Every now and then someone will say to me ‘OK! You are a sceptic about climate change. Well, what do you think really is the case?’ Or something like that, as in the title of this post. It’s not really an easy question to answer in a sentence or two. Not for me, at any rate. I came across an engaging post in Watts Up With That that exemplified just how difficult it is. One guy had a go at setting out what he believed in, and then others added their bit, while some added things they didn’t believe in. It was good fun, and well worth going to.
As some earlier posts will have made clear, I’m someone who doesn’t think ‘belief’ is what this issue ought to be about. For me the whole issue is about argument and evidence, and my position could change if some compelling new evidence came to the fore, or I encountered what I thought was a really powerful new argument. Given the sheer amount of stuff in that WUWT post, I felt challenged to develop my own list, which looks like this. Readers of the WUWT post will notice some similarities.
My current position on ‘climate change’
1. CO2 is a ‘greenhouse gas’ (not a term I much like, but it is so widely used that I’ll employ it here).
2. Greenhouse gases have the capacity, other things being equal, to have a warming effect on the atmosphere.
3. Human activity of various kinds has very probably added to the carbon dioxide in the Earth’s atmosphere.
4. It is possible, perhaps likely, that the Earth’s atmosphere has warmed somewhat over the past century.
5. It is possible that sea levels have risen a little over the past century, as they have done in centuries past.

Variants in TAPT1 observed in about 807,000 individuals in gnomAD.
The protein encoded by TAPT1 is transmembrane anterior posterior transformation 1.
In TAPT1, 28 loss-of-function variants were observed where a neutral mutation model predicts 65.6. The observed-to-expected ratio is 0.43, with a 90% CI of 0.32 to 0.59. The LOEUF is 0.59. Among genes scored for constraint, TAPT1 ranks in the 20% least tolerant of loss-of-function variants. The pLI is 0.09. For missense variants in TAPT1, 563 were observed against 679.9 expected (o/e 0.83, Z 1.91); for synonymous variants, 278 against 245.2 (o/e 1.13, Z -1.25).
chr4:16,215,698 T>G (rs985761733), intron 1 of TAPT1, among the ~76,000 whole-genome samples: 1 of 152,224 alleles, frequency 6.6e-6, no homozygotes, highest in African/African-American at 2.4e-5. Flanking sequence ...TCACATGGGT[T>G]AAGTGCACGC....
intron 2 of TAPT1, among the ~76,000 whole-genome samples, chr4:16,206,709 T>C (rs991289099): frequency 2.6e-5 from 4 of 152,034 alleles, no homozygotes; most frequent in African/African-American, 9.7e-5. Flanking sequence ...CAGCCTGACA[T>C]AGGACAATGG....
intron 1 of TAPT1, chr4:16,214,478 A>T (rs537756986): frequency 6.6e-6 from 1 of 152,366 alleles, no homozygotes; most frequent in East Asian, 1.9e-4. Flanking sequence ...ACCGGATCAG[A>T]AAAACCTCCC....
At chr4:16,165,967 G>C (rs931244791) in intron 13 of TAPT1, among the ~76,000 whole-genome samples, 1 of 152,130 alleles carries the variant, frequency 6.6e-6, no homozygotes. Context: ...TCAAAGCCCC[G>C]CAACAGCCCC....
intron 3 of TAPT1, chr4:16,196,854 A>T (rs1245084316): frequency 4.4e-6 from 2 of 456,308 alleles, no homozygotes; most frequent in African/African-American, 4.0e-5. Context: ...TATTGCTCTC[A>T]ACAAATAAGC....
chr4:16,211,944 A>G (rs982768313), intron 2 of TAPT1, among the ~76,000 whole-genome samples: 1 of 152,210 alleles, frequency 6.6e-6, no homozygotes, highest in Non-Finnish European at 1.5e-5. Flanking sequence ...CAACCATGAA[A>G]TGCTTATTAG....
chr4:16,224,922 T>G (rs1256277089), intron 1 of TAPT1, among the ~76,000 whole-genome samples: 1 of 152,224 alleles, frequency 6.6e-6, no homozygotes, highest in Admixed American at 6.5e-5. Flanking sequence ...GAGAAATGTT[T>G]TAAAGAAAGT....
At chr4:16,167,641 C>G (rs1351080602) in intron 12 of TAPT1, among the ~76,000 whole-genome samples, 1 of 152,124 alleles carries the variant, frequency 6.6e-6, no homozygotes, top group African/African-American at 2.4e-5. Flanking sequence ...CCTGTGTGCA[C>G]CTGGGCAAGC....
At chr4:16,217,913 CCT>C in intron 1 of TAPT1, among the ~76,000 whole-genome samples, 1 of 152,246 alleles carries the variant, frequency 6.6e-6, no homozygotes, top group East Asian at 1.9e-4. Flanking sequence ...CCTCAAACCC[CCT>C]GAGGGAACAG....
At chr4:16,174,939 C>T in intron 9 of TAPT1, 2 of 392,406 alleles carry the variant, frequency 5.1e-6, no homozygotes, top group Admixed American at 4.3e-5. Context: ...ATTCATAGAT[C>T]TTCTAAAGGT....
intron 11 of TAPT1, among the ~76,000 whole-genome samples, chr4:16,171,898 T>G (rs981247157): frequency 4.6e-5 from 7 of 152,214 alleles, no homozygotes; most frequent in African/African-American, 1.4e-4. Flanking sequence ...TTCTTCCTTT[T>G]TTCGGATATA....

6. Our consumption of fossil fuels is rising and there are constant warnings that we may be ‘running out’ of them.
7. Research into alternative energy is a good thing, as is energy efficiency.
8. The price mechanism is the best guide to the supply of and demand for energy of all kinds.
9. The environment I live in is important to me, and I act to conserve resources where I can, and to leave a light footmark. Moderating the environment is not inherently a bad thing, and humans have been doing it for ten thousand years. We are learning how best to do this.
10. On the whole, very cold weather is much more to be feared than hot weather: it seems to kill more people, it reduces food supply, and it is more expensive to deal with.
11. Given all the above, I can see no obvious evidence at the moment that the current level of warming (none of any significance in the last decade and a half), the current proportion of CO2 in the atmosphere, the current pH of the oceans, or the current amount of sea-ice, ought to be of concern to me or governments generally. Indeed, warming seems to have been a good thing.
Some things about which I have what I think is ‘reasonable doubt’
1. That the science is settled about climate.
2. That the debate is over; it’s time for action.
3. That global warming causes ‘climate change’, ‘extreme weather’, and their synonyms like ‘weird weather’.
4. That because of increased CO2, the oceans are ‘acidifying’ (another term I object to).
5. That carbon taxes will affect climate in any discernible way, let alone a good way.
6. That the world would be a much worse place if the average global temperature were 1 or 2 degrees warmer than it is now.
Some caveats about the whole issue
1. The temperature data, both present and past, are very rubbery. They have been affected by ordinary error, measurement error, adjustments of various kinds, and various kinds of statistical manipulation.
2. The global temperature anomaly is a mathematical abstraction that bears no relation to anything human beings actually experience.
3. The world is a very large place, and we have very little information about most of it.
4. I am not opposed to models, which are embedded into our daily life in a good way. But the general circulation models (GCMs) on which so much of ‘climate science’ relies have been neither validated nor verified. What is more, it seems highly likely that climate is inherently chaotic, not linear. If that is the case, we may never be able to model climate relationships properly at all, and the projections about future climate are nothing more than ill-educated guesses.
As you can see, this is a moving feast. Feel free to add to it, or subtract, or modify.